If a low offer comes your way, remain cool until you've examined the terms. Nothing evokes a more emotional response than a low bid. Be realistic and objective because many properties don't bring full price. Don't use price alone as a reason not to counter or negotiate. A first offer may reveal what's most important – price or terms – to this particular buyer, giving you the key to begin bargaining.
Condition of home and inspection
The purchaser should have your home inspected for soundness of construction and state of repair. Include all mandatory and voluntary disclosure statements concerning the property's condition, such as known defects in the contract. Be careful what you guarantee. You cannot be sure the roof won't leak, the heating system won't go out or any other number of such assurances. Once the property is sold, you are no longer responsible for it.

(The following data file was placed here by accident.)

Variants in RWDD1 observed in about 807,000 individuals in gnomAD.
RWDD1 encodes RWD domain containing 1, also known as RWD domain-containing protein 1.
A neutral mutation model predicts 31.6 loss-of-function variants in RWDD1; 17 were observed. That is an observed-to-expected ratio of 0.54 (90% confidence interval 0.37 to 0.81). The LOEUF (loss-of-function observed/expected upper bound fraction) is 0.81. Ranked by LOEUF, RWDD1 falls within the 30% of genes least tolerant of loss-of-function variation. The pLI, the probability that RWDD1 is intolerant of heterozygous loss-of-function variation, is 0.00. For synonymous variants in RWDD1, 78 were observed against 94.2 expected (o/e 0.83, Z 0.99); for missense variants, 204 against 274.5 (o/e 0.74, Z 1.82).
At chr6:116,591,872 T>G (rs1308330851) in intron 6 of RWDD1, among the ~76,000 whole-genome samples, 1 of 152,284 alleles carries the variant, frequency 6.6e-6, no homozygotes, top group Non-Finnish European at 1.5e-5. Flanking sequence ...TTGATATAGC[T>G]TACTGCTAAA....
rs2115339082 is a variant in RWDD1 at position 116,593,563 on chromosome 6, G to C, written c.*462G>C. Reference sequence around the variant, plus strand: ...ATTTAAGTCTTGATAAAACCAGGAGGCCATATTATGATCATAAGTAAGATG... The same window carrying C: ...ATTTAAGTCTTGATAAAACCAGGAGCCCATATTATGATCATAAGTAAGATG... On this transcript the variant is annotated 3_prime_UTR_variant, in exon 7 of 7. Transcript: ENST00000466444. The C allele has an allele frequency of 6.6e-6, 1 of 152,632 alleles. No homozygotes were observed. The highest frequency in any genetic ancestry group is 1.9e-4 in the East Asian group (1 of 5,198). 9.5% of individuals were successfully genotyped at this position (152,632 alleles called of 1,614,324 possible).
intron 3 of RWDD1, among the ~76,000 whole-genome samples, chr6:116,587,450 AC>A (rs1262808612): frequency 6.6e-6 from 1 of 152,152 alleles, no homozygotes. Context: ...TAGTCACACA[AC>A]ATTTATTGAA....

You'll be asked to respond to an offer within a specified timeframe. Try to get as long a response time as possible. Other offers may come up and you'll want to buy time to review them and perhaps use one offer to increase another.
Settlement date and occupancy
If you have another home under contract, ask for a settlement date that will enable you to take your sales profits to the next closing. Be realistic; the buyer of your home probably will need at least 30 to 50 days to arrange financing and close.
Everything in the offering contract is negotiable. When everyone has agreed to the terms, initialed the changes and signed the contracts, you've got an agreement binding on all parties. All that remains is removing contingency clauses, arranging financing and clearing title.
Preparing for Closing